Figure 5
figure 5

Signal transduction and drug treatment of modified induced pluripotent stem cells (iPSCs). (A) The capillary Western immunoassay of phosphorylated and total signaling proteins which were JAK2, STAT1, STAT3, STAT5, ERK1/2 and AKT in the absent and presence of doxycycline in JAK2V617F-iPSCs and JAK2exon12-iPSCs. Each band was electrophoresed in a separate capillary tube. The full blot is presented in the Supplementary Fig. S2B. (B) The relative changes of phosphorylated signaling proteins after doxycycline induction in JAK2V617F-iPSCs and JAK2exon12-iPSCs compared with those without doxycycline. The levels of phosphoproteins were corrected by the amounts of respective total proteins. (C) Erythroid cell numbers after incubations without (untreated) vs. with arsenic trioxide, interferon alpha and the combination of both drugs. (D) The relative increases in numbers of apoptotic cells in modified iPSCs in the presence of arsenic trioxide, interferon alpha and the combination of both drugs. Data were presented as mean ± SD from three independent experiments. The asterisks (*), (**) and (***) denoted p < 0.05, p < 0.01 and p < 0.001, respectively.

JAK2V617F-iPSCs showed significant increases in the relative changes of phospho-STAT3 and phospho-AKT proteins when compared with JAK2exon12-iPSCs at 5.60 ± 0.69 vs. 0.20 ± 0.35 (p value < 0.001) and 1.20 ± 0.23 vs. 0.40 ± 0.23 (p value = 0.008), respectively. Moreover, the phospho-STAT5 signaling protein level in JAK2V617F-iPSCs was higher than that of JAK2exon12-iPSCs at approximately 0.63 ± 0.03 vs. 0.41 ± 0.28, but there was no statistical significance.

On the other hand, JAK2exon12-iPSCs expressed a higher level of phospho-STAT1 and phospho-ERK1/2 (1.00 ± 0.69 and 0.65 ± 0.00) when compared with JAK2V617F-iPSCs (0.02 ± 0.14 and 0.51 ± 0.20). However, only phospho-STAT1 reached a statistical significance (p value = 0.022) (Fig. 5B).

Interferon alpha and arsenic trioxide treatments

Interferon alpha and arsenic trioxide were tested on modified iPSCs with vs. without doxycycline induction to examine the relative sensitivity of cells expressing mutant JAK2 compared with wild-type cells. The hematopoietic progenitor cells were cultured in the absence or presence of 0.5 µg/ml interferon alpha and/or 250 nM arsenic trioxide. These optimal concentrations were obtained from cultures using various doses of interferon alpha and arsenic trioxide as demonstrated in Supplementary Fig. S5.

The JAK2V617F-iPSCs showed a significant decrease in the number of erythroid cells after treatment with arsenic trioxide, interferon alpha and the combination of both drugs from 412 ± 6.35 × 105 cells/ml (untreated) to 250 ± 6.35, 261 ± 6.35 and 172 ± 57.4 × 105 cells/ml, respectively. Statistical analyses revealed the significant p-values of 0.008, 0.010 and 0.002, respectively.

The JAK2exon12-iPSCs displayed a significant decrease in cell numbers from 686 ± 32.33 × 105 cells/ml (untreated) to 305 ± 12.7 × 105 cells/ml with arsenic trioxide (p value = 0.003), 300 ± 38.68 × 105 cells/ml with interferon alpha (p value = 0.003) and 189 ± 19.05 × 105 cells/ml with interferon alpha plus arsenic trioxide (p value = 0.002). Notably, these agents did not affect the cell numbers of modified iPSCs without doxycycline induction (Fig. 5C).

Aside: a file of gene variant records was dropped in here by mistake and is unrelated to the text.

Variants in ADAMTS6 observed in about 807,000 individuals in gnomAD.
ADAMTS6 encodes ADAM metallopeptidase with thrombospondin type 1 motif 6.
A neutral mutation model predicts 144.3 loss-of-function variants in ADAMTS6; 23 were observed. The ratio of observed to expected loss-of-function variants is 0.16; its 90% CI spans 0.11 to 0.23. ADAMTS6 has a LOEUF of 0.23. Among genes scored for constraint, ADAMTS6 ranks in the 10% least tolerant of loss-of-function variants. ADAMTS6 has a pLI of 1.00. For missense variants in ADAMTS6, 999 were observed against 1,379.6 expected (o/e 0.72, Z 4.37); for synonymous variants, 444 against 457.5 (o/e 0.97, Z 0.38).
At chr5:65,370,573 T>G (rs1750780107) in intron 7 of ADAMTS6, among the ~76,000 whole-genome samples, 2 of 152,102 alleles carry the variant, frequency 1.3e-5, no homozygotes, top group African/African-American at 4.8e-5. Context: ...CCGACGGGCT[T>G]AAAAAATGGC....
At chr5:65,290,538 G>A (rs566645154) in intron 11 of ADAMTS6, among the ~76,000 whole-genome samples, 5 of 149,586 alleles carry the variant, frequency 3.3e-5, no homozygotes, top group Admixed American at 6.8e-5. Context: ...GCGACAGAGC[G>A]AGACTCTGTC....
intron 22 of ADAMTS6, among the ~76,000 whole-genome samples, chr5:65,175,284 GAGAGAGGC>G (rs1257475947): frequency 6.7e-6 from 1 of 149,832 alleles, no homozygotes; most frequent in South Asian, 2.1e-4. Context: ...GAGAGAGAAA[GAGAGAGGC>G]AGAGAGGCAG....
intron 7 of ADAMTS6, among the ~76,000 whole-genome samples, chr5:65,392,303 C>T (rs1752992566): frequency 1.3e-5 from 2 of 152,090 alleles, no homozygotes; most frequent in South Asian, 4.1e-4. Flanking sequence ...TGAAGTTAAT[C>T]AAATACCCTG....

Concerning the relative changes of apoptotic cells when compared with the untreated control, JAK2V617F-iPSCs after treatments with arsenic trioxide, interferon alpha and the combination of both drugs showed the increases of 3.50 ± 2.10, 2.19 ± 0.42 and 4.00 ± 0.98 folds, respectively, while JAK2exon12-iPSCs displayed the relative changes of approximately 2.40 ± 0.57, 2.67 ± 1.04 and 2.50 ± 0.51 folds, respectively. There was no apoptotic rate difference in modified iPSCs after incubation with either one or both drugs without doxycycline stimulation (Fig. 5D).


From our study, the lentivirus-modified iPSCs retained normal karyotypes, stem cell properties and multi-lineage potentials. The modified iPSC-derived red blood cells displayed erythroid morphology by Wright-Giemsa stain, erythroid surface markers by flow cytometry and embryonic hemoglobin expression similar to normal iPSC-derived cells. Interestingly, JAK2exon12-iPSCs significantly enhanced erythroid cell proliferation mimicking the pathophysiology of JAK2 exon 12 mutations in patients with PV. In addition, expression of JAK2 with an exon 12 mutant resulted in enhanced erythroid differentiation as shown by more mature morphology and higher expression of adult globin as determined by real-time quantitative RT-PCR. In contrast, JAK2V617F-iPSCs did not show a significant increase in erythroid cell proliferation as enumerated by cell counting and differentiation as evaluated by morphology and hemoglobin analysis despite the overexpression of JAK2 transgene on real-time quantitative RT-PCR assay and JAK2 protein by Western immunoassay. This disparity may be explained by that JAK2V617F expression in our study was more consistent with heterozygous JAK2V617F mutation in essential thrombocythemia (ET) patients because endogenous JAK2 gene was still present. The polycythemia vera (PV) patients usually carry homozygous JAK2V617F mutation and, less frequently, heterozygous JAK2 exon 12 mutation as modeled in our study10. Therefore, modified iPSCs from this study can be used as an experimental model to investigate the molecular pathogenesis of MPN patients and possibly answer the questions why the JAK2V617F and JAK2 exon 12 mutations attributed to different erythroid phenotypes.